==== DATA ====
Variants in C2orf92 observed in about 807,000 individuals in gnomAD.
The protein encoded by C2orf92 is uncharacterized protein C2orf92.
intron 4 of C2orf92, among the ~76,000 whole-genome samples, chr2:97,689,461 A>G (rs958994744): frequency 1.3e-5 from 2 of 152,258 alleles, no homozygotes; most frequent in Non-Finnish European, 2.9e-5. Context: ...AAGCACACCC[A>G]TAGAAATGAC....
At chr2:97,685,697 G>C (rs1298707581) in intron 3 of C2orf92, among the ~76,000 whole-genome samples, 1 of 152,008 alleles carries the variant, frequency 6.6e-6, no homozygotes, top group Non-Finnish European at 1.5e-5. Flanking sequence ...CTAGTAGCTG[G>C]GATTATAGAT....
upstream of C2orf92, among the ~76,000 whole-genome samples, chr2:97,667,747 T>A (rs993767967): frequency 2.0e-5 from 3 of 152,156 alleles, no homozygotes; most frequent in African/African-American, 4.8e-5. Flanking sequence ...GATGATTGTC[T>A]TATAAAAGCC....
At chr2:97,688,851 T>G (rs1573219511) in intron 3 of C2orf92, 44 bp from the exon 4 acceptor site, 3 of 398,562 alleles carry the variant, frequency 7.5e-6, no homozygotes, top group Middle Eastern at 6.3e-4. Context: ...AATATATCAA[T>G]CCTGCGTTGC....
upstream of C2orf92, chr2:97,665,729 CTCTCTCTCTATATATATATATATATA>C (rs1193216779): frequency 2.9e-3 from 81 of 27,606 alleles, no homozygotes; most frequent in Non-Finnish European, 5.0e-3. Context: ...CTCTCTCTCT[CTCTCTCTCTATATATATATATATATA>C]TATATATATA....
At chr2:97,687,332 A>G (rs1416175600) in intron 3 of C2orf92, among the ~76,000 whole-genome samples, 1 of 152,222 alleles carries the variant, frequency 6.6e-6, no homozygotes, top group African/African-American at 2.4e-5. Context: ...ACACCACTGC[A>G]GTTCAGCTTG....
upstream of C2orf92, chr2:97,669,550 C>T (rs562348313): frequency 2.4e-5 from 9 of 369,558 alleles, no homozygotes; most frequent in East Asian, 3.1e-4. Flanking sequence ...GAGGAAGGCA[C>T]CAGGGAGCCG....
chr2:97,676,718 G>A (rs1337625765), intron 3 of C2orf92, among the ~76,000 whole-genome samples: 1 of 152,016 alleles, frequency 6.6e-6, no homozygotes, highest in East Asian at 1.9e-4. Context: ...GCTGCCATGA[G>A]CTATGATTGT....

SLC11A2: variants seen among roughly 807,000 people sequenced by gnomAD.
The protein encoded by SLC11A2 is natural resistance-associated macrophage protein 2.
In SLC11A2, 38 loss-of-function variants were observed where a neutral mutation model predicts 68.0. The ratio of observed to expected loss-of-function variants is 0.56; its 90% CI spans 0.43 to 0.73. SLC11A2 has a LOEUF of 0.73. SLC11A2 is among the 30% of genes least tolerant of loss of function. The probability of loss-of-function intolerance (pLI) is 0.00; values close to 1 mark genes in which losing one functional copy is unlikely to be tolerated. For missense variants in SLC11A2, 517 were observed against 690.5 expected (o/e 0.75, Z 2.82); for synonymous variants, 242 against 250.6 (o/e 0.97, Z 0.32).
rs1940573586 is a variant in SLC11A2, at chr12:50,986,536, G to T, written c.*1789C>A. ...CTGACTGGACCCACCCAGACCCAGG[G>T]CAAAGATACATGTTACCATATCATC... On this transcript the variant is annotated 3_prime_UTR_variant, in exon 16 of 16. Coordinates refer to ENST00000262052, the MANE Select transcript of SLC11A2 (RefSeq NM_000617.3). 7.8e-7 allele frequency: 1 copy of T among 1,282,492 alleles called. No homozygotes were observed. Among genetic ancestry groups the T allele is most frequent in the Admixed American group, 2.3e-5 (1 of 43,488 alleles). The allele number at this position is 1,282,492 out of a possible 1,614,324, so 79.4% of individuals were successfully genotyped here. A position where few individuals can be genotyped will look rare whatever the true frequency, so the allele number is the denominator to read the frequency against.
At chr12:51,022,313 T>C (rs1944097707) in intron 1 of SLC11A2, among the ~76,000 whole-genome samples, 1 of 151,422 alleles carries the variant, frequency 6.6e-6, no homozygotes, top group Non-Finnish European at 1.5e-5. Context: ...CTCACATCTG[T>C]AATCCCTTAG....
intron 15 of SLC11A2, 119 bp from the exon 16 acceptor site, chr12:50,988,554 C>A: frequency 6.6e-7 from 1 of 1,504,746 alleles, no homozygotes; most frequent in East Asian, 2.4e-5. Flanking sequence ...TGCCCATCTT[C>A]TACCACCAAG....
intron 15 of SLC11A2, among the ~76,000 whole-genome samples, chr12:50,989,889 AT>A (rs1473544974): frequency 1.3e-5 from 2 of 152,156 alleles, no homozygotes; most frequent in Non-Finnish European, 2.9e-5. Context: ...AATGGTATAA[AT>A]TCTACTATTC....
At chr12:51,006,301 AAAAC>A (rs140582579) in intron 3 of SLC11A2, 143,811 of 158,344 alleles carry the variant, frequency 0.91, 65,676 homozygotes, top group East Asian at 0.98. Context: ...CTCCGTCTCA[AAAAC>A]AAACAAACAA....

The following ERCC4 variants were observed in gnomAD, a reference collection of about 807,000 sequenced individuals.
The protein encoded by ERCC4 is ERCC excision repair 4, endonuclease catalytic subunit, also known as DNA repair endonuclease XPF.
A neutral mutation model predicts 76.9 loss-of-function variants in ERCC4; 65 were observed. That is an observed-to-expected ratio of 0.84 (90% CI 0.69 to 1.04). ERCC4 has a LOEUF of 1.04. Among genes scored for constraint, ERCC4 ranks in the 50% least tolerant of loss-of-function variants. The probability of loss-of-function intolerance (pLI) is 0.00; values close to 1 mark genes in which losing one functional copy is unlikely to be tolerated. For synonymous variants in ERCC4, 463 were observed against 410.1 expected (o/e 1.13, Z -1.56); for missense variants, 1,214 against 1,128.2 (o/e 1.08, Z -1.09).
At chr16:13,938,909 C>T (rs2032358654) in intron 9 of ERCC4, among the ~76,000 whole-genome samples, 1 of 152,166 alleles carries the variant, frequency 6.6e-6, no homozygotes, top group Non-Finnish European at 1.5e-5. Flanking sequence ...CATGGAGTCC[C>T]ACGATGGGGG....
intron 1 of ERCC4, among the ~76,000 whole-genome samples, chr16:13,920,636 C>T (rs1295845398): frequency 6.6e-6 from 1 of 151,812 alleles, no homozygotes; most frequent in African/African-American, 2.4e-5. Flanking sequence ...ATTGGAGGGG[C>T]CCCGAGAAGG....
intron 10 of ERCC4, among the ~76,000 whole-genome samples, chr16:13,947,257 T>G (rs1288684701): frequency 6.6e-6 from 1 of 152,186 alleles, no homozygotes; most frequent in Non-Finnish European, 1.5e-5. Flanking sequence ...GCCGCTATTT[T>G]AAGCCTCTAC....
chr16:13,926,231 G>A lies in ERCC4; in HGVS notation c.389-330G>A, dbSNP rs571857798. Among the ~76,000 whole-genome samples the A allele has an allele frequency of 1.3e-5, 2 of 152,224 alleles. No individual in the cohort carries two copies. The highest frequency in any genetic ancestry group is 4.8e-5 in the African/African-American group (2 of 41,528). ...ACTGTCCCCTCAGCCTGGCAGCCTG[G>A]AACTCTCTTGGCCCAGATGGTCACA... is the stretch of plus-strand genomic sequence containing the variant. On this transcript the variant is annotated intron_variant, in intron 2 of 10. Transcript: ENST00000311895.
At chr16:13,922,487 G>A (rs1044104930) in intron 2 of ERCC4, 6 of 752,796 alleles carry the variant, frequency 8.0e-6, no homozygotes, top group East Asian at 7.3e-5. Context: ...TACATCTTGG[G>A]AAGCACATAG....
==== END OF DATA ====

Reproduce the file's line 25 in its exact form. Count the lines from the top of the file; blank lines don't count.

chr16:13,926,231 G>A lies in ERCC4; in HGVS notation c.389-330G>A, dbSNP rs571857798. Among the ~76,000 whole-genome samples the A allele has an allele frequency of 1.3e-5, 2 of 152,224 alleles. No individual in the cohort carries two copies. The highest frequency in any genetic ancestry group is 4.8e-5 in the African/African-American group (2 of 41,528). ...ACTGTCCCCTCAGCCTGGCAGCCTG[G>A]AACTCTCTTGGCCCAGATGGTCACA... is the stretch of plus-strand genomic sequence containing the variant. On this transcript the variant is annotated intron_variant, in intron 2 of 10. Transcript: ENST00000311895.